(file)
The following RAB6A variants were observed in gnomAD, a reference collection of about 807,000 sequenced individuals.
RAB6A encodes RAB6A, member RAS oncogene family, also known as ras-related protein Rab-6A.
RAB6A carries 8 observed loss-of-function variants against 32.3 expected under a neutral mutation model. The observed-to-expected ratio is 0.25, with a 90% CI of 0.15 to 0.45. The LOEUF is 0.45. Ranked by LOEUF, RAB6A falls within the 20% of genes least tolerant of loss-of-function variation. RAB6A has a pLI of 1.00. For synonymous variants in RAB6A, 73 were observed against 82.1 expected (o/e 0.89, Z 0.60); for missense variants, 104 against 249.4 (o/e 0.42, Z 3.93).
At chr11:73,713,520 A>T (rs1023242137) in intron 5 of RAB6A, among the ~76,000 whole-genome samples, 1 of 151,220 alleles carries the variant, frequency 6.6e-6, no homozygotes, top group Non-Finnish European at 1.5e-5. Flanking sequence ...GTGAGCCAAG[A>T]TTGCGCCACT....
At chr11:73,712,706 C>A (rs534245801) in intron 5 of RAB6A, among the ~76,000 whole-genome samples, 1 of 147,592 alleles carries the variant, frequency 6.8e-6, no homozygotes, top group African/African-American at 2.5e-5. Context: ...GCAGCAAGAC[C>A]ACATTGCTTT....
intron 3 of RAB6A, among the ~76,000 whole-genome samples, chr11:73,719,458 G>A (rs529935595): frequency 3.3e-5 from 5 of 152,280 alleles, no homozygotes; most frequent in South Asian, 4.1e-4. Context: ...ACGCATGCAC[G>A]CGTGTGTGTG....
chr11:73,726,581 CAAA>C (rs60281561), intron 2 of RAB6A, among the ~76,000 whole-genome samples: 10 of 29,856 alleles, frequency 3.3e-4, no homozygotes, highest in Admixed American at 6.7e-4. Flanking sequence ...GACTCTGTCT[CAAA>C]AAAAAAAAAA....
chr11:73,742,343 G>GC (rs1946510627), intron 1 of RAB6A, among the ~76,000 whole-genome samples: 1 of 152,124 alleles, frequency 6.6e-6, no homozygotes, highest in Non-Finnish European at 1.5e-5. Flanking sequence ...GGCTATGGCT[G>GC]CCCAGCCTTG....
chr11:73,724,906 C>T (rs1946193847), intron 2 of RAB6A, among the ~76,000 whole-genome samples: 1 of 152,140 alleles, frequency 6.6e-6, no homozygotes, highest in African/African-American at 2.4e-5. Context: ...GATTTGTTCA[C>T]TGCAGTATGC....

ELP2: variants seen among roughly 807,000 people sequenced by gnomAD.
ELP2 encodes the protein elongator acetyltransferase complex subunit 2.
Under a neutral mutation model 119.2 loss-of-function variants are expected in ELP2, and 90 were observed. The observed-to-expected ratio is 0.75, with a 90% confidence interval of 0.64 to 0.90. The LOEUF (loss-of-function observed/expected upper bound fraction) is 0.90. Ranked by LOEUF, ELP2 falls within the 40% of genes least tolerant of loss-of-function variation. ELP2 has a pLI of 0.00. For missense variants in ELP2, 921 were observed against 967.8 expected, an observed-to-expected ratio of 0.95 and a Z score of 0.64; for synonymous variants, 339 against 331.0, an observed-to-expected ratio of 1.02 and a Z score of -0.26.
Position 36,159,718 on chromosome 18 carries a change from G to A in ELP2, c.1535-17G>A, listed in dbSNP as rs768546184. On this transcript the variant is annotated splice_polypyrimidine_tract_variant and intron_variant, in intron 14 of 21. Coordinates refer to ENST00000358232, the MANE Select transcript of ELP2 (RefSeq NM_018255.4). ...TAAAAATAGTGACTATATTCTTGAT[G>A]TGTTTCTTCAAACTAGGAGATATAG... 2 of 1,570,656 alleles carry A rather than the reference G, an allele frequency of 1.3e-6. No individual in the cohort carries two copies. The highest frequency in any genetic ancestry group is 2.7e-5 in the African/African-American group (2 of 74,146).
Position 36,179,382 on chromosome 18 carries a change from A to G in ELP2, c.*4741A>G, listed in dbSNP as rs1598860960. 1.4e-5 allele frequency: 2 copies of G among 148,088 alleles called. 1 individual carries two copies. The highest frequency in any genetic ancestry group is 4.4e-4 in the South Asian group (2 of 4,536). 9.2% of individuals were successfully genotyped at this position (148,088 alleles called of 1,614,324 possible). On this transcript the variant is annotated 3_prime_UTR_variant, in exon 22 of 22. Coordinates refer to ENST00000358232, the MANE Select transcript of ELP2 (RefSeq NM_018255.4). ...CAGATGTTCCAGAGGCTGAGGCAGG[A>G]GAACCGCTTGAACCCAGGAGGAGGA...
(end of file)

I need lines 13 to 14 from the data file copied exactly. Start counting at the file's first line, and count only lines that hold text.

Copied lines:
Position 36,159,718 on chromosome 18 carries a change from G to A in ELP2, c.1535-17G>A, listed in dbSNP as rs768546184. On this transcript the variant is annotated splice_polypyrimidine_tract_variant and intron_variant, in intron 14 of 21. Coordinates refer to ENST00000358232, the MANE Select transcript of ELP2 (RefSeq NM_018255.4). ...TAAAAATAGTGACTATATTCTTGAT[G>A]TGTTTCTTCAAACTAGGAGATATAG... 2 of 1,570,656 alleles carry A rather than the reference G, an allele frequency of 1.3e-6. No individual in the cohort carries two copies. The highest frequency in any genetic ancestry group is 2.7e-5 in the African/African-American group (2 of 74,146).
Position 36,179,382 on chromosome 18 carries a change from A to G in ELP2, c.*4741A>G, listed in dbSNP as rs1598860960. 1.4e-5 allele frequency: 2 copies of G among 148,088 alleles called. 1 individual carries two copies. The highest frequency in any genetic ancestry group is 4.4e-4 in the South Asian group (2 of 4,536). 9.2% of individuals were successfully genotyped at this position (148,088 alleles called of 1,614,324 possible). On this transcript the variant is annotated 3_prime_UTR_variant, in exon 22 of 22. Coordinates refer to ENST00000358232, the MANE Select transcript of ELP2 (RefSeq NM_018255.4). ...CAGATGTTCCAGAGGCTGAGGCAGG[A>G]GAACCGCTTGAACCCAGGAGGAGGA...